As I was first beginning to turn on “Mr. Jones,” next came “Round Here.” I feel that one. But then “Einstein on the Beach (For an Eggman),” the sort of fluff that helped kill the alternative scene by steering it hard into adult contemporary. “Rain King” doubled down on Mopey and the Blowjobs. “A Murder of One” was blessedly just background noise, and praise His name, the rest of their releases when I still listened to the radio were perpetual sophomore slumping. “Angels of the Silences” rocked enough to enter the Pearl Jam end of the spectrum, while “Daylight Fading” was more gin than blossom. “Hanginaround” was pleasantly forgettable Dave Matthewsing.

    A few years ago, I ended up with a rip of “Films About Ghosts.” Probably my father bought it, and he always complains about ’80s & ’90s music, so I figure Counting Crows could only reinforce his prejudice. Anyway, I dropped it into an MP3 player while I worked a few overnight shifts and gave it multiple spins. My takeaway was that I was not just bandwagon jumping, but legitimately could not stand these guys and had already heard most of these songs far too many times in this life. However, their other truly great number is “A Long December.”

    But see, the other thing I remember about “A Long December” is how beautiful Courtney Cox looked in the music video. And then about how she dated Adam Duritz and his guaranteed stinky white boy dreadlocks. I think about for all his affectations, he was born into affluence and has been dumped by enough A-list goddesses than you could pack into a high end convention. And I know he has mental health issues and behavioral problems and his life isn’t all peaches and herb. But then I look back at my life, and what I had to go through to get out of the place “Mr. Jones” found me in, and all I can say is fuck Counting Crows forever. Yes, it is envy, and bitterness, and my own inability to move past issues. But also, they fucking suuuuuuuck.

  7. Fairly anonymous ’70s throwback light pop, but “The Way” was an instant classic. I also like “Out Of My Head,” “Which Way To the Top,” and “Fire Escape”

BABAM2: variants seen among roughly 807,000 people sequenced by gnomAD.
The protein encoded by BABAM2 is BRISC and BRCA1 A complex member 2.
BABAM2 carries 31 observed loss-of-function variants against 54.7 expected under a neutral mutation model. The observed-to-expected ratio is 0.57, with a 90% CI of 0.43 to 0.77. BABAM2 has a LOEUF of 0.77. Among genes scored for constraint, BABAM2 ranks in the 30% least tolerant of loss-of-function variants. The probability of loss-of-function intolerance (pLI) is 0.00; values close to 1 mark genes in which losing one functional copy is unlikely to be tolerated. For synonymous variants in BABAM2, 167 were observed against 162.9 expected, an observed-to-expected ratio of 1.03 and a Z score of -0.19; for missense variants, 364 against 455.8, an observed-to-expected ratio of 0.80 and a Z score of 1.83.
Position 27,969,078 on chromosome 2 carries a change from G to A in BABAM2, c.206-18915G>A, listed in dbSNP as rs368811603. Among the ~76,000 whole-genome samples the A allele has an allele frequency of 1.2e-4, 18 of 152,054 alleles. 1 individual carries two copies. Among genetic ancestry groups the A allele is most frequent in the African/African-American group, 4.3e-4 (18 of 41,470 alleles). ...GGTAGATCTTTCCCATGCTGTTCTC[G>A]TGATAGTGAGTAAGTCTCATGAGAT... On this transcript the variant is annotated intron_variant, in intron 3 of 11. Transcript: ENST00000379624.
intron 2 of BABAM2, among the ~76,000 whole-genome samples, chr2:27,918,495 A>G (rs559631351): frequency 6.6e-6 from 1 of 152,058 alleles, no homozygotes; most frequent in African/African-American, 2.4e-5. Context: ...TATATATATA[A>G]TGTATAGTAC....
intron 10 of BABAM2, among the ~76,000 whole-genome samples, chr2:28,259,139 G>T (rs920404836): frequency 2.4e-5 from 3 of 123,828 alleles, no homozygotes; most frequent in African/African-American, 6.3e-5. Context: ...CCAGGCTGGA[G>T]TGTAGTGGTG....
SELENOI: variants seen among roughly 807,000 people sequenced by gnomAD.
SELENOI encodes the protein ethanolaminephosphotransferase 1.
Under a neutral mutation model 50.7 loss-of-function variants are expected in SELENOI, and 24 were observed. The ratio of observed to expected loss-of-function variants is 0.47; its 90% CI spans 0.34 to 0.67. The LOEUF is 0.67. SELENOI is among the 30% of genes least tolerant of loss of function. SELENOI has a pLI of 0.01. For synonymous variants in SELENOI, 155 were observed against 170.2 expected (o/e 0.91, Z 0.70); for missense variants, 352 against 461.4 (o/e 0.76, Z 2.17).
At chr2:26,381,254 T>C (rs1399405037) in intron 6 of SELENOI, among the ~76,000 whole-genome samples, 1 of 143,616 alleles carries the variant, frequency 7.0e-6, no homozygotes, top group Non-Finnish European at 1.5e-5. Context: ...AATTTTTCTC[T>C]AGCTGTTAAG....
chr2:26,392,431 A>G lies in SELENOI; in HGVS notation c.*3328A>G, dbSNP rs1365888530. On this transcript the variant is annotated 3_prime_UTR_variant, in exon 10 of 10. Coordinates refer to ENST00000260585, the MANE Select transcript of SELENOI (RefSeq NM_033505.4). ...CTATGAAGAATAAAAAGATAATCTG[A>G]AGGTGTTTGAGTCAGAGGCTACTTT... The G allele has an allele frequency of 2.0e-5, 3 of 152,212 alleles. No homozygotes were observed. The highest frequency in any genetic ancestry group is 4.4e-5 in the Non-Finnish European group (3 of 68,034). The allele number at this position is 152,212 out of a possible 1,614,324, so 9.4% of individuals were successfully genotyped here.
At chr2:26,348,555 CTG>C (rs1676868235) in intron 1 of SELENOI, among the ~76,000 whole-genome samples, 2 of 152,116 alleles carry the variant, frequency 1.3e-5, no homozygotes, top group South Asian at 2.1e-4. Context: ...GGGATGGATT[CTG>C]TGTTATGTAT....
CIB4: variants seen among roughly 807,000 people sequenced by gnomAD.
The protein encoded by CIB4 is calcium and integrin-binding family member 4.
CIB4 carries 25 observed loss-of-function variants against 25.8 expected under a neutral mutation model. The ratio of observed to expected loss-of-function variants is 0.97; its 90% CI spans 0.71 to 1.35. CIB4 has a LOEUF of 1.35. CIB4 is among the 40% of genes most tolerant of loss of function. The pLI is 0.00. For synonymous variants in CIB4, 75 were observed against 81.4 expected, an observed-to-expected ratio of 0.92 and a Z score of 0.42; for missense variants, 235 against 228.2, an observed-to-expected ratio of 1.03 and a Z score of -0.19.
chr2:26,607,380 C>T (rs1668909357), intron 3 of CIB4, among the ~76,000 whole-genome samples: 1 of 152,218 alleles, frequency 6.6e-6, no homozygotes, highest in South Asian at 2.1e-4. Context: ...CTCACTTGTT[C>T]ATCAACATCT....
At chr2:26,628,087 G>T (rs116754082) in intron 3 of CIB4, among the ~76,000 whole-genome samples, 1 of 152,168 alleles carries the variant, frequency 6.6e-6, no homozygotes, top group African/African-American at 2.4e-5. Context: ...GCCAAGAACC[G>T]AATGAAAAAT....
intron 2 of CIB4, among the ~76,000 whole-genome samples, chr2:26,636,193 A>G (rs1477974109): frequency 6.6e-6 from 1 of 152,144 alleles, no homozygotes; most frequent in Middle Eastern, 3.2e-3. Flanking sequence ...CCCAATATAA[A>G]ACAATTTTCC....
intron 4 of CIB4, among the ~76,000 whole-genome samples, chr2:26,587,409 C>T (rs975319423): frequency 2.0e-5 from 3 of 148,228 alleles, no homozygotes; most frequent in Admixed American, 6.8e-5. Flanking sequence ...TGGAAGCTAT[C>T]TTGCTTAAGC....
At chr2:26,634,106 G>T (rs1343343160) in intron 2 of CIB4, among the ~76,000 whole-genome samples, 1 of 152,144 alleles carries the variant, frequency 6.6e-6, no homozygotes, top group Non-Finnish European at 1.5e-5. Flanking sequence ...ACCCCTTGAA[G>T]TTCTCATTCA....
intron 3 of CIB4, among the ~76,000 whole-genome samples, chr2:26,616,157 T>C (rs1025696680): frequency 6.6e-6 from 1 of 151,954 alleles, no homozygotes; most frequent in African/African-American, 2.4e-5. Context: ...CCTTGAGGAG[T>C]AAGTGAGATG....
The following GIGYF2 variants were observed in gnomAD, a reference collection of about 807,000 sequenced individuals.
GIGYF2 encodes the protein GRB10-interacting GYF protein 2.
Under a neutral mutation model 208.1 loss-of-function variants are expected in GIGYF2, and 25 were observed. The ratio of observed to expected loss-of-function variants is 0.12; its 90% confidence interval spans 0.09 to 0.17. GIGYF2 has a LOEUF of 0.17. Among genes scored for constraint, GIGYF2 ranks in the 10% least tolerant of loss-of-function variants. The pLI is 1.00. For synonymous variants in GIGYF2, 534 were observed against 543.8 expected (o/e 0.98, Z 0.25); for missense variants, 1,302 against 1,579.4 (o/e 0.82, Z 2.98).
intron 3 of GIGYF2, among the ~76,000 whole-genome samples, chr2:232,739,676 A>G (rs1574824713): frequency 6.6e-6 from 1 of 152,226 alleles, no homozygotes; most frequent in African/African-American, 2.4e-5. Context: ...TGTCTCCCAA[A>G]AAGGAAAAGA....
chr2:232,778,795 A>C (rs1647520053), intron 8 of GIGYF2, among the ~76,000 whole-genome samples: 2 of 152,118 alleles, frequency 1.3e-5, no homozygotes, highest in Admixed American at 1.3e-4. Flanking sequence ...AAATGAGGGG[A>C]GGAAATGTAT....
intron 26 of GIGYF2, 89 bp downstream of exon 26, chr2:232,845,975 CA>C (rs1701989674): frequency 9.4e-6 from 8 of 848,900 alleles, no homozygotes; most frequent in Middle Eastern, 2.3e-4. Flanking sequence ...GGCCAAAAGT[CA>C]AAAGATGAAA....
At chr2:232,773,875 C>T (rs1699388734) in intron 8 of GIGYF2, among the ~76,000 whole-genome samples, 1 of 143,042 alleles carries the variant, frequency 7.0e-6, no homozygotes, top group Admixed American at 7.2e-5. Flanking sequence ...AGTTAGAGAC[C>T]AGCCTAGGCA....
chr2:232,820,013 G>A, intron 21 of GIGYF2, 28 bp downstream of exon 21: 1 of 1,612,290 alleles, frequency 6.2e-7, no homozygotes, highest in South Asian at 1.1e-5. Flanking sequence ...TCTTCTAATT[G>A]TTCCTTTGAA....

8. This is gonna sound kinda strange… but I really dug this episode and I’m NOT a counting crows fan. I always found Adam Duritz’s voice kind of annoying and found their radio hits rather forgettable so I never invested the time or money into a deeper dive of their material (although I will say that “When I Dream of Michaelangelo” is fucking beautiful)!

    But I think the fact that I’m not a fan is precisely why I liked this discussion. I love having my opinion challenged and am open-minded enough to consider others’ perspectives that differ from my own. So I loved hearing what you both liked about them, what the songs were about, and when, why, and how they resonated with you personally.

    Now I don’t know if I’m gonna rush out and download a playlist of their albums. But I can say I have a new appreciation and respect for Duritz as a lyricist. And the fact that he suffers from a personality disorder (of which I had no idea) makes his words all the more impressive and interesting. That story was fascinating.

    So bravo, guys. Good show!

  9. Ohhhh man … where do I start? Outstanding episode! Counting Crows has been a favorite band of mine since the early 1990s, even though I’m sure I caught some shit for liking them when I was in high school.

    I’ve only seen them once, though (Jones Beach, 1997, with The Wallflowers), but I loved “August and Everything After” so much I bought the book of sheet music so I could play “Raining in Baltimore” on the piano, so I guess that counts for something.

    I also had no idea that they had released an album in 2014. The last album I bought was “Saturday Nights and Sunday Mornings,” which I gave a few listens but then filed away and only ripped two songs to my iPod. I’ll have to give that, and the most recent album a spin.

    Anyway, two songs I thought of that weren’t on your lists but could make mine: “Anna Begins” and “Einstein on the Beach”. I find the former beautiful on the level of “Something” or “God Only Knows”; I love the latter for the pure nostalgia of only being able to hear it on the radio until the day in 1999 when I discovered Napster and it was the first Mp3 I downloaded illegally.

    Oh, and an honorable mention to the song “August and Everything After,” which sounds like Duritz is perpetually working on it.

    Again, great ep. And if anyone wants to hear me talk CC, my friend chelle and I covered “August and Everything After” on episode 19 of Pop Culture Affidavit (https://popcultureaffidavit.com/2013/10/09/pop-culture-affidavit-episode-19-august-and-everything-after/)

    1. “Anna Begins” was on the first list that Sean gave me of possible songs. Blame me for holding him to five songs only otherwise I’m sure he would’ve had a lot to say about it.